Wednesday, May 23, 2007

Book a speaker - or listen on line

Baby Milk Action can provide speakers on the baby milk issue, the marketing requirements and the boycott campaign. We also turn out to debate with Nestlé, though recently they have taken to refusing, having lost all past debates.

Last week I spoke at an event in Cardiff at the start of National Breastfeeding Awareness Week.

In the interests of boring as many people as possible, I have made my talk available on line. You can read it, download the powerpoint show and listen to the podcast. Go to:

All for no charge!

Though donations are welcome and if you do want a speaker in person we have to ask for our costs to be covered, including a preparation fee (though we can be flexible). It is important to get the information out there, but as a small office stretched to the limit timewise and financially we do have to ask for money, I'm afraid.

In my Cardiff talk I examined how the baby food companies in the UK bombard mothers with promotional information and try to co-opt health workers to promote their products.

I also questioned whether we can trust companies to give scientific and factual information to health workers on their products or there should be other mechanisms for evaluating their claims to ensure that health workers are aware of the findings of independent research. Many health facilities have a designated person to meet company representatives, but that puts the onus on one person to evaluate what are often misleading claims from companies. And company reps. try to meet other staff off health service premises to get around such policies.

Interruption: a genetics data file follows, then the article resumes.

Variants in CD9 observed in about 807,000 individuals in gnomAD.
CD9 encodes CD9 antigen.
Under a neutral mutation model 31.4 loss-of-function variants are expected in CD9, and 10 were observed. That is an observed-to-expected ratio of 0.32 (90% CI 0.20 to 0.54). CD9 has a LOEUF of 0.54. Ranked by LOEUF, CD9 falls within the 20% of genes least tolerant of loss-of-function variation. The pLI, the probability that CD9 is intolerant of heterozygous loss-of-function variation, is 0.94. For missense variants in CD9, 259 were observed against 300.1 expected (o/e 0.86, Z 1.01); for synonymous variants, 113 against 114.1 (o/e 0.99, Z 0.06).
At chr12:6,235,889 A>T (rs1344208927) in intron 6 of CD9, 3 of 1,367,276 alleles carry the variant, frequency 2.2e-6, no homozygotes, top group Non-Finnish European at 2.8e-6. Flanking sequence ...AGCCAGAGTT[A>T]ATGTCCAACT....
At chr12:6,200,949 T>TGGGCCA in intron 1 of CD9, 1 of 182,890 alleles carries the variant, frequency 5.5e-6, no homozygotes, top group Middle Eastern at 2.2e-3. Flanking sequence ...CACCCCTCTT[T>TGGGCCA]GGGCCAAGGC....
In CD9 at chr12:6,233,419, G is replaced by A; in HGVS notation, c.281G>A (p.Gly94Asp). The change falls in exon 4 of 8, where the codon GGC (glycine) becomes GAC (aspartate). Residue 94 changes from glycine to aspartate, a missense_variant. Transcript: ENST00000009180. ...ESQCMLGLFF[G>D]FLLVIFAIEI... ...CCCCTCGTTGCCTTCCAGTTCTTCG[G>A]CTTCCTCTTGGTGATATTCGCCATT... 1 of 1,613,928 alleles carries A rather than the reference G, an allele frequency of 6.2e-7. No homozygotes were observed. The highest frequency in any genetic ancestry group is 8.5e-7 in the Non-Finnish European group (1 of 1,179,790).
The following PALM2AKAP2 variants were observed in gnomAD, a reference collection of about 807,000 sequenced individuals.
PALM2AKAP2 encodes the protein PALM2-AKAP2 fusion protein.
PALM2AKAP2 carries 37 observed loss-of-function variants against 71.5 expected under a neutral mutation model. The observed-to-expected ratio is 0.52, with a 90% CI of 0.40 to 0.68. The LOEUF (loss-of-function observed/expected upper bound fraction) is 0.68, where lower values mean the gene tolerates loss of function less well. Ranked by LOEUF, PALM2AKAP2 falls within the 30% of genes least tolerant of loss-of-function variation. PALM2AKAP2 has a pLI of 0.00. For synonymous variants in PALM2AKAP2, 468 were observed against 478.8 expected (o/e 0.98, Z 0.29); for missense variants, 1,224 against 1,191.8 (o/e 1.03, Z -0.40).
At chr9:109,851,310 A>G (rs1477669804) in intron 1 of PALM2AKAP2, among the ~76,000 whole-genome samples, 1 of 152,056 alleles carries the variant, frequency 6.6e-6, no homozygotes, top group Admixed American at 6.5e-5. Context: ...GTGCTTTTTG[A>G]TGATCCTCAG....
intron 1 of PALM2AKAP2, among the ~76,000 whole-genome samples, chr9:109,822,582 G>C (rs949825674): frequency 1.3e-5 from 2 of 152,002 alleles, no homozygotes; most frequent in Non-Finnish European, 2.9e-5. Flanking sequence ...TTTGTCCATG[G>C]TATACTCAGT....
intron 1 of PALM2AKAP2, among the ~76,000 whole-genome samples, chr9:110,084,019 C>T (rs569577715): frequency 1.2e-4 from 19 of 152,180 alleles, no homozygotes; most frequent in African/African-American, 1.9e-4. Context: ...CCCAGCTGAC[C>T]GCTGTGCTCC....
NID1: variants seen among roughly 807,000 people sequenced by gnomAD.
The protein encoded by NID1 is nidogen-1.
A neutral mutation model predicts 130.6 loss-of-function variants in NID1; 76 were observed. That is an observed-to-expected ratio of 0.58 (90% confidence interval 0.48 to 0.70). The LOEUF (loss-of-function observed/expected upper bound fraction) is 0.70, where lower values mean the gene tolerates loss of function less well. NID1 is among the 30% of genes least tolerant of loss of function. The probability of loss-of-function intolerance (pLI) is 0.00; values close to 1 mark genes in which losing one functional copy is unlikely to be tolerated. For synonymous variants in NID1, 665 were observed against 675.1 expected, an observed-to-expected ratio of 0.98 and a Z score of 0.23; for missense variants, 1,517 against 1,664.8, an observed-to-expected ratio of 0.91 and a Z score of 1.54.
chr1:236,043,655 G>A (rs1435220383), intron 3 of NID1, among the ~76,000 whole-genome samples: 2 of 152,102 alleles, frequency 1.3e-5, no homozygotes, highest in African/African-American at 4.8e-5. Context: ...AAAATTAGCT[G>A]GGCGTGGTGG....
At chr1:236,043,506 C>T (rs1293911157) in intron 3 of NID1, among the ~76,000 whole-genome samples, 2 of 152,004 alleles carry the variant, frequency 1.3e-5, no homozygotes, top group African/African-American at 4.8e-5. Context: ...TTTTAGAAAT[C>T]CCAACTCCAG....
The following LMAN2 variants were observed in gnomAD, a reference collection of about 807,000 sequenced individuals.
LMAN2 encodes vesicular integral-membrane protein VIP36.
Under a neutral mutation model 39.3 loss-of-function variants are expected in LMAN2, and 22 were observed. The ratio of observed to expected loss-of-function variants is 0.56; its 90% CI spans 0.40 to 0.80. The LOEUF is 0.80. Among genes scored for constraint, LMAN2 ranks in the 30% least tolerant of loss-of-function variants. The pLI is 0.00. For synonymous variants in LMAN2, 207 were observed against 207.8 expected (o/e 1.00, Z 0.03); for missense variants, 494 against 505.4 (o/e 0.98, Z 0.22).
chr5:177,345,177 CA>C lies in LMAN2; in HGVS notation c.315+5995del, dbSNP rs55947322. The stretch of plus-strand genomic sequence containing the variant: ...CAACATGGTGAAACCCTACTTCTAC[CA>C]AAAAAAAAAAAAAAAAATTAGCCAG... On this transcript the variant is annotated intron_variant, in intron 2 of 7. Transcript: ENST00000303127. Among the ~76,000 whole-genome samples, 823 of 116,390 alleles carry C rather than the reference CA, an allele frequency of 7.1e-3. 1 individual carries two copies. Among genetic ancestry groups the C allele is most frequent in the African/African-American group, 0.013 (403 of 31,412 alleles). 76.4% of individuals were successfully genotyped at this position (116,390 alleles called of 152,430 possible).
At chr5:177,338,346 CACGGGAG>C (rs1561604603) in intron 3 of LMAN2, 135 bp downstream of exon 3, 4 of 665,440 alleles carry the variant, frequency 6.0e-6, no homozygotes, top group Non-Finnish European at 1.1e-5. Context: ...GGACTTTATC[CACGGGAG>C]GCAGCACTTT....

If you have views on this or anything else in the talk, please do contact me or leave comments here.

While we have had some recent success in cracking down on the claims companies make on labels in the UK, there is still a long way to go. I ended my talk looking at a tin of formula from Brazil.

Compare this to the labels we have with teddy bears or other animals and claims about ingredients.

As I said at the end of my talk: "What does this tin look like? A tin of nutritional medicine perhaps? Not a children’s toy or some advertising hoarding? It even carries a Ministry of Health warning in stipulated text."

It is hardly surprising breastfeeding rates are increasing in Brazil while the latest figures in the UK show most breastfeeding duration figures are either static or moving in the wrong direction.

I've posted my talk with the title: "Protecting a mother's right to independent information on infant feeding."

Mothers need independent information, support if they have difficulties breastfeeding and, if formula-feeding, information on how to reduce the risks.

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